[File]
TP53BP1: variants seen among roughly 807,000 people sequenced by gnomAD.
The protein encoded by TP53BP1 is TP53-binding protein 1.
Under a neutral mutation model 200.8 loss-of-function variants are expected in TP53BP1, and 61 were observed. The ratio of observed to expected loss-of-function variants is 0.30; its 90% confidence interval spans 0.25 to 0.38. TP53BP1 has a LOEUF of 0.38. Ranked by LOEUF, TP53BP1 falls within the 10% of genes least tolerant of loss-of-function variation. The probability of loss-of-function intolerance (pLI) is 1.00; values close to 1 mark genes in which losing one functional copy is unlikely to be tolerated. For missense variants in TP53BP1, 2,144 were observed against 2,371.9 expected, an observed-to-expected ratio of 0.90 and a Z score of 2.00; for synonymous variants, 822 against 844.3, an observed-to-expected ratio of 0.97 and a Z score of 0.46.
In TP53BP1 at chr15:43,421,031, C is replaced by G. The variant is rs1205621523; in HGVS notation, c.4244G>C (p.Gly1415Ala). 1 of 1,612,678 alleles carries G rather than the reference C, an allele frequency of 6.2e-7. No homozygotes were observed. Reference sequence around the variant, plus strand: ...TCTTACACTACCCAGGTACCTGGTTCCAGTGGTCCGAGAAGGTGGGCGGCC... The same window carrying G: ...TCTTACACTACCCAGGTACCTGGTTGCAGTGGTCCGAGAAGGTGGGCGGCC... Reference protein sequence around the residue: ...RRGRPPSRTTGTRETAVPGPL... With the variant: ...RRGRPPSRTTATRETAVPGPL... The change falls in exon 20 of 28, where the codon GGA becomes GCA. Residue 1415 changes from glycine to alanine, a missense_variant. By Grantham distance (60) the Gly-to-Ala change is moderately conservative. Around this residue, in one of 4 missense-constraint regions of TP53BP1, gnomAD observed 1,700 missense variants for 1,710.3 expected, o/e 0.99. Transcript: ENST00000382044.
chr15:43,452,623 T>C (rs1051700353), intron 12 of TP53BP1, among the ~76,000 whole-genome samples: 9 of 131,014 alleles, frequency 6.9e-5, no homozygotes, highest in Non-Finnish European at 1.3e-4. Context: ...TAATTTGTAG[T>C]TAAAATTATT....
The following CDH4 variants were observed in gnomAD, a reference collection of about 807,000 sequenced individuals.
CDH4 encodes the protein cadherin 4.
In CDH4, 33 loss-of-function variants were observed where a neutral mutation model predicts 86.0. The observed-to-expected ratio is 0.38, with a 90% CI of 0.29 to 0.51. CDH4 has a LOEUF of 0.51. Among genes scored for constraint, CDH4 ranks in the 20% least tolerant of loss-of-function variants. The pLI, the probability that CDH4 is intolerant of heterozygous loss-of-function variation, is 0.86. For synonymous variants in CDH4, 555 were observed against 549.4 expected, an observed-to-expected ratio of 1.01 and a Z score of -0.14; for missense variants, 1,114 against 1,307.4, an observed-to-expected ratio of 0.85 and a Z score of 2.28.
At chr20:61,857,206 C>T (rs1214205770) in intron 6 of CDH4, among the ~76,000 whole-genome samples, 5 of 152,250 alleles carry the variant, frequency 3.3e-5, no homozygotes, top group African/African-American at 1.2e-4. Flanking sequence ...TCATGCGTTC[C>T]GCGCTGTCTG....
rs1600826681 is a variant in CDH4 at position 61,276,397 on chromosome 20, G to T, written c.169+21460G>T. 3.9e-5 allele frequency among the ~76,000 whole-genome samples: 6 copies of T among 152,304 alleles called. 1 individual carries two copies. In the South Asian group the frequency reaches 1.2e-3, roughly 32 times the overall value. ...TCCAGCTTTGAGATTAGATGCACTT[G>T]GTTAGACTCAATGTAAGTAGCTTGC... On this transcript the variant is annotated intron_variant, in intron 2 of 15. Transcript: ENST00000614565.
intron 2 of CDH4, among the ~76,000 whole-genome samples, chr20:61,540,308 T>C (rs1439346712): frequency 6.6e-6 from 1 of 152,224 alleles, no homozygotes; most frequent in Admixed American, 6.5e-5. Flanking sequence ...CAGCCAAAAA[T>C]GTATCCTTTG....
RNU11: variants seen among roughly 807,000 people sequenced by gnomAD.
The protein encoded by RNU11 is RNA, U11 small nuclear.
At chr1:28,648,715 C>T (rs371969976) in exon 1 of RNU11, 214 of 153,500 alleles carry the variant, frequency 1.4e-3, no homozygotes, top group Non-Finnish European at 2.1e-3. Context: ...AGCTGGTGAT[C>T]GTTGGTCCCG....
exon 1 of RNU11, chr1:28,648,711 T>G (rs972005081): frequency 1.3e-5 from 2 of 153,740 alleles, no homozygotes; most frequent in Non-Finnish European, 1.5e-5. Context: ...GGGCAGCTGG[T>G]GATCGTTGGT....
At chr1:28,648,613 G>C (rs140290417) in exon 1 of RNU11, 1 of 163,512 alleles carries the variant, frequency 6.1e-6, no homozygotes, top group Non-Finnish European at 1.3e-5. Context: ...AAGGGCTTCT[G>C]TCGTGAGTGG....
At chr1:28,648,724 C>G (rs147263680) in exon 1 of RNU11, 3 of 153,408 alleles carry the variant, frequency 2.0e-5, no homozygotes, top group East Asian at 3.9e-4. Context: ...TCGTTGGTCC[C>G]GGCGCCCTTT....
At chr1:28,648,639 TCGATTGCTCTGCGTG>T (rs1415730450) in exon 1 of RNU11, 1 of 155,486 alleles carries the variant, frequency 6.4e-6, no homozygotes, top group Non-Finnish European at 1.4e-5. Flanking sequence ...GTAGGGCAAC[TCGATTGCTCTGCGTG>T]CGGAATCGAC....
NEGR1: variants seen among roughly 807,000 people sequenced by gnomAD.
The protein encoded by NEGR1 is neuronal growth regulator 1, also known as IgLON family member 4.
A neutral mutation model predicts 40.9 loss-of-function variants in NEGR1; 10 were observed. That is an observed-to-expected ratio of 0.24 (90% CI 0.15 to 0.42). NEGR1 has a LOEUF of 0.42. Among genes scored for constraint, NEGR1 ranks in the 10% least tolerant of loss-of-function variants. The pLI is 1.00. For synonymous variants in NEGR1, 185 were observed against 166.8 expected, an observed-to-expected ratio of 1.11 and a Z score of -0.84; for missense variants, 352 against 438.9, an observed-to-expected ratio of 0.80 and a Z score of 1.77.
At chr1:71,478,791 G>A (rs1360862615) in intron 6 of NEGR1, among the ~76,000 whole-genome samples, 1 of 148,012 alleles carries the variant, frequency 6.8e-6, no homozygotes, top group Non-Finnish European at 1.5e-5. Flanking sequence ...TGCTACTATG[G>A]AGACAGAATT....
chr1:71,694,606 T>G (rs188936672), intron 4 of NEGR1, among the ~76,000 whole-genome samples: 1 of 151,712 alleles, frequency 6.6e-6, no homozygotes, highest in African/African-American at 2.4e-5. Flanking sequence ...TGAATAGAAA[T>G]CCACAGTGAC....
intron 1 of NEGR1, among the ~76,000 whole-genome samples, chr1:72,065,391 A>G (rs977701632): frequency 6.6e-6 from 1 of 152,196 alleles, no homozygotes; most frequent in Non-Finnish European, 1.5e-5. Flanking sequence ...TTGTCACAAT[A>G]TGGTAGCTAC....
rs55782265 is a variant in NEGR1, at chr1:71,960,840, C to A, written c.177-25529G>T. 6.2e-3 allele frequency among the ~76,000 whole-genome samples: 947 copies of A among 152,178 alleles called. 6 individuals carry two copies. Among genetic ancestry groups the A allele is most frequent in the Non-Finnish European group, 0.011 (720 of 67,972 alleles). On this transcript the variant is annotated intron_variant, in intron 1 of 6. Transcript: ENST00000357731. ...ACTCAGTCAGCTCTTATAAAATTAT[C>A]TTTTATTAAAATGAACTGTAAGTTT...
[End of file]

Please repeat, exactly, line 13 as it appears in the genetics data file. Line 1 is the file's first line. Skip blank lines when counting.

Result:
The protein encoded by RNU11 is RNA, U11 small nuclear.